In an article released earlier this week by the Associated Press, it was estimated that gas prices could fall by more than 50 cents a gallon this summer. While this is certainly welcomed news, it doesn’t suggest just how high has prices can become by the end of the year. During a typical year, gas prices surge during the spring, rescind during the summer, then slowly creep their way higher during the fall and winter months. With regular unleaded gas prices currently averaging $3.96 across the country, the question is, will gasoline reach $5 a gallon before 2011 is out?
The simple answer is no, it shouldn’t. With average gas prices expected to fall to $3.50 by summers end, the odds that gasoline will increase by 40% in just six months is terribly unlikely. That’s not to say that some areas of the United States won’t experience $5 a gallon fill ups, but as a whole, the average price of gasoline at the end of the year will be similar to what you see now. $4 a gallon.
The Cost of Gasoline Each Year
Depending on how often you drive your vehicle, the cost of gasoline could be of serious or no consequence. Assuming for a second that you drive your car 10,000 miles this year, and your automobile averages 25 miles a gallon, that means 400 gallons of gas will be purchased. At $4 per gallon, the total cost for fuel each year would be $1,600. Increase or decrease any of these variables and the cost of your gasoline each year can vary greatly. In fact, I think the above estimate is conservative and most Americans will spend more than this in 2011.
But as bad as you think you have it, know that in comparison, The United States actually has pretty cheap gasoline. Most European nations pay much more than $4 a gallon for gas and we’re not talking pennies here. Norway tops the list as the most expensive, consistently paying around $10 a gallon and countries like Denmark, Germany and Italy are paying $8 per gallon of regular gas. On the opposite end, many countries do pay less than we do, and if you live in the Middle East or northern Africa, gas prices can be as low as $0.50 a gallon. Even Venezuela benefits from cheap gasoline, generally because it is subsided by local government.
How To Decrease Your Gasoline Costs
As gasoline prices continue to increase, there are a few steps you can take in order to reduce the burden these rising costs have on your budget. Two of the below suggestions are quite practical and one is a bit extreme.
Own a Gas Rewards Credit Card – Many credit card issuers are receptive to the fact that gas is one the rise and are enticing customers by offering increased gasoline rewards. Some cards offer up to 5% cash back on ALL gas purchases so while Americans are paying $4 a gallon, you could be paying $3.80. Over the course of an entire year, that’s a savings of more than $100 and some of these cards offer cash bonuses just for signing up. Check out our regularly updated list of the best gas rewards credit cards.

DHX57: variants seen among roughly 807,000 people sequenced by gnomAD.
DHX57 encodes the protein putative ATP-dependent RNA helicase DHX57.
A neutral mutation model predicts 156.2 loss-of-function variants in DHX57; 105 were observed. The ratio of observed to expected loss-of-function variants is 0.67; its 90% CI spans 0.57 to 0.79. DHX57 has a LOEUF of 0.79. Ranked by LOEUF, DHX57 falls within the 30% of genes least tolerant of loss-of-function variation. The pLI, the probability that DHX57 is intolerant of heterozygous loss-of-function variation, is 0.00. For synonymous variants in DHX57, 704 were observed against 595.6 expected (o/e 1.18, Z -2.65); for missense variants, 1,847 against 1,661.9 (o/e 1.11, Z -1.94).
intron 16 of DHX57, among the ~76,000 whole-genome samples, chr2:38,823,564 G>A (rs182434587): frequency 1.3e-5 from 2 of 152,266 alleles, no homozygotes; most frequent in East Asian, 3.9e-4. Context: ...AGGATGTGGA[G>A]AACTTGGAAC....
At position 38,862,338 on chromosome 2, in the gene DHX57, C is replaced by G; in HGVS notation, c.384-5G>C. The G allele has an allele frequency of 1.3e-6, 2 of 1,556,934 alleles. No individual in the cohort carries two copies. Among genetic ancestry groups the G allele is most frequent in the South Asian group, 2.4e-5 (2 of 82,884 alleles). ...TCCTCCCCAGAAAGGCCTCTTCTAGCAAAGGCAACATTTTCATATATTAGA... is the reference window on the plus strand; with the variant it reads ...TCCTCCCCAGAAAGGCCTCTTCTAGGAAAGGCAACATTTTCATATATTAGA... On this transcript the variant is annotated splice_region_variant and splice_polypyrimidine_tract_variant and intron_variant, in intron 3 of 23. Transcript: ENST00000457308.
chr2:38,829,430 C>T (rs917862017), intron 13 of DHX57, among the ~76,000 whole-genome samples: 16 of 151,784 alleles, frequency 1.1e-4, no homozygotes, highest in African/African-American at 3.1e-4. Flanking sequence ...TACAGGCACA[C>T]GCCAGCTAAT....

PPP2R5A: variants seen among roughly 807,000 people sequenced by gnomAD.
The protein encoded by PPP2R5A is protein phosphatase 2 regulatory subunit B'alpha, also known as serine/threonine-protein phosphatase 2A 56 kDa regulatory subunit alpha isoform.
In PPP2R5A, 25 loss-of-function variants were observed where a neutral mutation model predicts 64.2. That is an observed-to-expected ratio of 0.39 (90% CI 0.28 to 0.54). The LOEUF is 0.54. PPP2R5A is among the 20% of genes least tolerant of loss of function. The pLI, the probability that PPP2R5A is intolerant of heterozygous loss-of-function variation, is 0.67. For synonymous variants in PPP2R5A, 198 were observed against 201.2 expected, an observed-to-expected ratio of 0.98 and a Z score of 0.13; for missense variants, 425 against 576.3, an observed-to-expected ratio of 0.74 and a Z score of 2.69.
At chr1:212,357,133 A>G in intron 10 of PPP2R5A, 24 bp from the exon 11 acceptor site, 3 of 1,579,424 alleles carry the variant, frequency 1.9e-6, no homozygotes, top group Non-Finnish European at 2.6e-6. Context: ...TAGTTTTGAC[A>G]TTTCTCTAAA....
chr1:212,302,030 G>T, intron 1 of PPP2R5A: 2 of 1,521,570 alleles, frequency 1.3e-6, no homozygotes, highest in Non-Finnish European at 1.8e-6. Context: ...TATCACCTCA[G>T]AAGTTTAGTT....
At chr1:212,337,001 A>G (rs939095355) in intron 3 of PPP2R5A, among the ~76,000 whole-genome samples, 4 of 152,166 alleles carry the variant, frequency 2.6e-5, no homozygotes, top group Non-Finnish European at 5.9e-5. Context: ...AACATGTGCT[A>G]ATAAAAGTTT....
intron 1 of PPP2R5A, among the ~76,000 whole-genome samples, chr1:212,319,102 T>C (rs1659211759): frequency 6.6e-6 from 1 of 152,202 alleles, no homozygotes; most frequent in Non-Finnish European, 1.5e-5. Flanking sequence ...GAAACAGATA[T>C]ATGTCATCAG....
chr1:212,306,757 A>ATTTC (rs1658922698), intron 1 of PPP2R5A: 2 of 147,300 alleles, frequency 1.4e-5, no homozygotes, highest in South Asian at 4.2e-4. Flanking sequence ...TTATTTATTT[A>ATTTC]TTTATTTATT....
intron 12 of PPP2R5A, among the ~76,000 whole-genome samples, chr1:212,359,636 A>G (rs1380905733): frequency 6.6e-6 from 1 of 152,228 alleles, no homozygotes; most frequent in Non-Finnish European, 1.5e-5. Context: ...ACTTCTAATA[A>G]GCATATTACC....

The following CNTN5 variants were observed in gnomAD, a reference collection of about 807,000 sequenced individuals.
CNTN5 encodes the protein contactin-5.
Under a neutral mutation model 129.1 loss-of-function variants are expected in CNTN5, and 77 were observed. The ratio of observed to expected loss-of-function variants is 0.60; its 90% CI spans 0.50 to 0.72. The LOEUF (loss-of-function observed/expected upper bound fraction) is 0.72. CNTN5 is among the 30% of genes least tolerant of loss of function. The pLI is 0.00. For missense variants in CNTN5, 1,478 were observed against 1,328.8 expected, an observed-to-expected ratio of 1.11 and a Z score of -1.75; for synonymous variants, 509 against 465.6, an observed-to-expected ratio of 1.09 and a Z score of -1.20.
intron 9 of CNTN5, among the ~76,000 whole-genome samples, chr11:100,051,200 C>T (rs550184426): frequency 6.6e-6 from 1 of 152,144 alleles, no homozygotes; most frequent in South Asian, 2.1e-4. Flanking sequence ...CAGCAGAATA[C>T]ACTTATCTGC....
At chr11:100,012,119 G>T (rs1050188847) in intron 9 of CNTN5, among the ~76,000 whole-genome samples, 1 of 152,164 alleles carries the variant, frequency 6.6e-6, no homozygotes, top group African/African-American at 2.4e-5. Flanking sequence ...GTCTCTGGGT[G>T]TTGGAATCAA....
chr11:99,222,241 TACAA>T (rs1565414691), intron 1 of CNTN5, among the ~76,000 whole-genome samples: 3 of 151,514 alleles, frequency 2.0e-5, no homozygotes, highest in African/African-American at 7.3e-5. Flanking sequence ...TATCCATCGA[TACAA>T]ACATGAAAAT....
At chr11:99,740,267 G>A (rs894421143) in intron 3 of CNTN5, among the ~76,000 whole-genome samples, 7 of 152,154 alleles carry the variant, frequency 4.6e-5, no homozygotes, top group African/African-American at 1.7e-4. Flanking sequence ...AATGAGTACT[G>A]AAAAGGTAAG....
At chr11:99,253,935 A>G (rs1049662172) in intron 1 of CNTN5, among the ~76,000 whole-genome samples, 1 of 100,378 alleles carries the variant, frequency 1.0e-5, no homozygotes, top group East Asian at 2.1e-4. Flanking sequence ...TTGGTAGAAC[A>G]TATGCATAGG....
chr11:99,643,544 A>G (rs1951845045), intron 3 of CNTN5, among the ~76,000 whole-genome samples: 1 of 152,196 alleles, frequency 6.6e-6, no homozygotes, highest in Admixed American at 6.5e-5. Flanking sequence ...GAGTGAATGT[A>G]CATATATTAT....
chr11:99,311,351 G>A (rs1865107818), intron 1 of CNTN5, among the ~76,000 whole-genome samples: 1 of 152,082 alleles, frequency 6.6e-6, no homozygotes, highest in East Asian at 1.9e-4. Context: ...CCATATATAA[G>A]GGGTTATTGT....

Use Public Transportation More Often – In some instances, using public transportation rather than driving to your destination can be a real money saver. Not only will you reduce the amount of money you spend on gasoline, you’ll also reduce the wear and tear on your automobile, saving you money in the long-run. This method is not ideal in all situations, especially if you have a long commute to work but for anyone living in a big city, this is a must.
Live Without Your Car or Truck – The third and final suggestion I can bring to the table is to dump your automobile altogether. Selling your car or truck will result in an instant windfall and the savings you’ll see each year will be in the thousands. Without having to pay for upkeep, gasoline or unexpected emergencies, your budget will be a lot easier to balance each month and the only added expense will be from public transportation. This option of course is only for consumers who don’t need an automobile to earn a living.
Anytime I watch the news (which is rare), I’m always provided a report on how out of control gas prices have become. Fortunately for a guy like me who works from home and leaves his apartment once a month, the increased cost of gasoline has no effect but for anyone who travels often, this can be a crippling expense. Make sure you take all the necessary steps and lower your gasoline intake. You’ll not only be doing the environment a favor, you’ll also be improving your finances.
Published or updated December 17, 2011.